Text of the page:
Belgian police on Tuesday shot and killed a 45-year-old Tunisian suspected of gunning down two Swedish football fans in Brussels in what authorities described as a “terrorist attack”, Interior Minister Annelies Verlinden has said.
The suspect, identified as Abdesalem Lassoued, was pronounced dead shortly after he was taken to hospital after an intensive manhunt overnight in the capital.
Belgian media said he was shot in the chest during his arrest by police in the neighbourhood of Schaerbeek.
“The author of the terrorist attack in Brussels was identified and has passed away,” wrote Ms Verlinden on X.
“We thank the security and intelligence services as well as the prosecutor's office for their decisive and rapid intervention last night and this morning.”
Lassoued was an ISIS fighter, the militant group announced through its Amaq News Agency on Tuesday evening.
"The sources explained that the attack comes in the context of operations called for by the [ISIS] to target citizens of coalition countries," the statement on Amaq said.
The admission marks the first ISIS message to take credit for a lone-wolf incident in the West since the 2020 Vienna attack.
Police found the same weapon used in Monday evening's fatal attack near where Abdesalem L was when they arrested him, Ms Verlinden told broadcaster VRT. Authorities are also searching for accomplices, according to local media.
Prime Minister Alexander de Croo earlier said the suspect was a man of Tunisian origin who had been living in Belgium illegally.
“The terrorist attack that happened yesterday was committed with total cowardice; the attacker chose as a target two Swedish football fans,” Mr de Croo said. A third person was seriously injured.
Abdesalem Lassoued “was known to the police for suspected acts of human trafficking, illegal residence and endangering state security”, Justice Minister Vincent Van Quickenborne said in a statement on Monday.
He had been convicted in Tunisia “for common law offences”, but was not considered a terrorist risk, Mr Van Quickenborne added.
He filed an asylum request in November 2019, which was rejected the following year, said Nicole de Moor, the state secretary for asylum and migration.
Prosecutors later said they believed he acted alone and not as part of a terrorist network
“The hypothesis of the lone wolf seems the most likely,” federal magistrate Frederic Van Leeuw said, as authorities lowered the Brussels region threat level after police shot the suspect.
The Swedish Foreign Ministry said the victims who died were a man in his seventies from Stockholm and a man in his sixties who lived abroad. The injured man is also in his seventies.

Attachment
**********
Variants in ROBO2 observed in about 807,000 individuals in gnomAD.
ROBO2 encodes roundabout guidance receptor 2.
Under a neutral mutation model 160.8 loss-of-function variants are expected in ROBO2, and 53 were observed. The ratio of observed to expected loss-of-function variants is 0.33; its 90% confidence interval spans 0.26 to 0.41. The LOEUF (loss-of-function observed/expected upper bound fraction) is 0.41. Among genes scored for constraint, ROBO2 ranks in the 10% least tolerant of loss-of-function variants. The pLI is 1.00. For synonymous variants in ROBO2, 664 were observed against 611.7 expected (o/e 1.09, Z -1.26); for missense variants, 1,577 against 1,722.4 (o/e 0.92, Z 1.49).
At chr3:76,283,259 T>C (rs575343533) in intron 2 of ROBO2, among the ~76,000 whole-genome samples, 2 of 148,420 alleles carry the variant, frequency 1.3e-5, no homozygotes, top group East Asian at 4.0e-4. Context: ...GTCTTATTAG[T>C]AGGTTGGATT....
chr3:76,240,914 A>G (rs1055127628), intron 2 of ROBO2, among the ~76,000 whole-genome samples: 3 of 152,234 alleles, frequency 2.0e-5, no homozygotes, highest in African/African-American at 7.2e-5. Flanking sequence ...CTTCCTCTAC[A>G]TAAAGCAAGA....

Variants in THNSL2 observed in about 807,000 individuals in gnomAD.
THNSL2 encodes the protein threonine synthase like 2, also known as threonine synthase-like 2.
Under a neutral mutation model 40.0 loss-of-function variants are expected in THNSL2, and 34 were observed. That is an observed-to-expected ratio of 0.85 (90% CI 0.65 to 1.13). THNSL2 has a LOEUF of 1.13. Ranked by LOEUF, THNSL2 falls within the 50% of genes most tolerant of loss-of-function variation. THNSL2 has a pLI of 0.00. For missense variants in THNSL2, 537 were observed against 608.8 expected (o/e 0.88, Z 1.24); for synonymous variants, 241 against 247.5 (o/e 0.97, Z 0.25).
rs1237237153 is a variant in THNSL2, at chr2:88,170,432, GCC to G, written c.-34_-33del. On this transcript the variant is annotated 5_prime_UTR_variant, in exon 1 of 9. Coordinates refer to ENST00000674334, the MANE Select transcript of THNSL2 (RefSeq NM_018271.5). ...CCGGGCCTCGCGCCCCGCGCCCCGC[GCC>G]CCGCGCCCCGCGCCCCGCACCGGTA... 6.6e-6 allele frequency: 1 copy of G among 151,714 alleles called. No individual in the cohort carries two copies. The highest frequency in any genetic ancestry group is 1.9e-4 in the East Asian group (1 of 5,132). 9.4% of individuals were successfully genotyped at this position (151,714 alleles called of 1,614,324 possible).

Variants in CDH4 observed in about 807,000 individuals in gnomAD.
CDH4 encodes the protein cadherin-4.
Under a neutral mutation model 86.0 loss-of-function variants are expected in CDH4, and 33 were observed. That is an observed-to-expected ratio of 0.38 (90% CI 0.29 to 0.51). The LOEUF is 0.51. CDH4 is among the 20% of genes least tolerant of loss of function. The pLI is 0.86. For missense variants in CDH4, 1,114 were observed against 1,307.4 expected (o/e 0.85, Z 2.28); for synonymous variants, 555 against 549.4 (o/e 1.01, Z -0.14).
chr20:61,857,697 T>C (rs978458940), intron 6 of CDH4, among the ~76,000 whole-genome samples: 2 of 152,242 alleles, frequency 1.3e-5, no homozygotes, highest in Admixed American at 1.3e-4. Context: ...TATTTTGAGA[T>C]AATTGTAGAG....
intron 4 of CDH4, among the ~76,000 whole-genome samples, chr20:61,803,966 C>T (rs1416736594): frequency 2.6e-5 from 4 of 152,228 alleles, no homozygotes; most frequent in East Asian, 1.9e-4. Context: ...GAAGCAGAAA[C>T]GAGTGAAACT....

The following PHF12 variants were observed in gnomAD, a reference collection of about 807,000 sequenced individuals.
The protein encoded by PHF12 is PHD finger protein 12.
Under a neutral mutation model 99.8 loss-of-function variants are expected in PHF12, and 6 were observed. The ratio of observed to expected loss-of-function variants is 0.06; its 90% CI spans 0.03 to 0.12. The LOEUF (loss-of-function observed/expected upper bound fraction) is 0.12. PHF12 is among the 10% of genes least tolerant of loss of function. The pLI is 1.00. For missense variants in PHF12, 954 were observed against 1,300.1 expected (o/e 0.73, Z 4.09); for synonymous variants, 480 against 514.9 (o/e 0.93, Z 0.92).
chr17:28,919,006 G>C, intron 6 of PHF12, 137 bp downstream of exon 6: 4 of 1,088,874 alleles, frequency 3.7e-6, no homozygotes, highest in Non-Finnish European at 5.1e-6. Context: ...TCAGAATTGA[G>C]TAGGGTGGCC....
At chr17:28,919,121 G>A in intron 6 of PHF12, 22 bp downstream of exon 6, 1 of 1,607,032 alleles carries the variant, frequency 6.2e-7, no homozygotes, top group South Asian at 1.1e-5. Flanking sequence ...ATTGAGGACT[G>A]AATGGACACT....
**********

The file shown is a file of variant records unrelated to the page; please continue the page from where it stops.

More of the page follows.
Sweden has been at the centre of a bitter row with some Muslim countries this year after several public burnings of the Quran.
The country has never in modern times faced a bigger threat against its security, Prime Minister Ulf Kristersson said Tuesday, qualifying the attack that killed two Swedes a “terror attack”.
“Sweden has in modern times never been under as big a threat as now,” Kristersson told reporters.
In a video posted in Arabic on social media, a man identifying himself as the attacker said “he was inspired by the Islamic State” (ISIS) extremist group, prosecutors said.
The gunman, wearing a high-visibility orange jacket, fled on a scooter and Belgian authorities raised the terror alert for Brussels to level four or “very serious” – the highest – and level three nationally.
Prosecutors said the attacker in his video had indicated the Swedish nationality of his victims was a motivation, but there appeared to be no links with the conflict between Israel and Hamas in the Middle East.
The attack has added to security tensions with France's Versailles Palace, which closed after a bomb threat, and in Italy two suspected members of ISIS were arrested on charges of inciting terror offences.
On Saturday, both Versailles and the Louvre in Paris were evacuated over security alerts, a day after France raised its security alert level to the maximum when a teacher was fatally stabbed.
Swedish Foreign Minister Tobias Billstrom said: “Devastated by the news of two Swedish football supporters murdered in Brussels tonight and a third person being seriously wounded. All my thoughts are with their families and loved ones.”
“Swedish authorities work closely with their Belgian partners to find the murderer,” he added on social media.
As news spread of the killings, the Group F European Championship qualifier was abandoned at half-time and about 35,000 fans were evacuated from the King Baudouin Stadium in Brussels.
Officers provided extra protection for Swedish citizens at the game, escorting Sweden's players directly to the airport to leave safely, Belgium's football association chief executive told the RTBF channel.
The President of the European Commission, which is based in Brussels, was quick to condemn the attack.
“My thoughts are with the families of the two victims of the despicable attack in Brussels,” Ursula von der Leyen posted on social media.
“Together, we stand united against terror.”
French President Emmanuel Macron said Europe was “shaken” by the “Islamist” attack in Brussels, while France's Interior Minister Gerald Darmanin had earlier given instructions to strengthen border controls with Belgium.
Belgium was the target of an attack claimed by ISIS extremists in March 2016, at Brussels' main airport and on the metro system, which killed 32 people.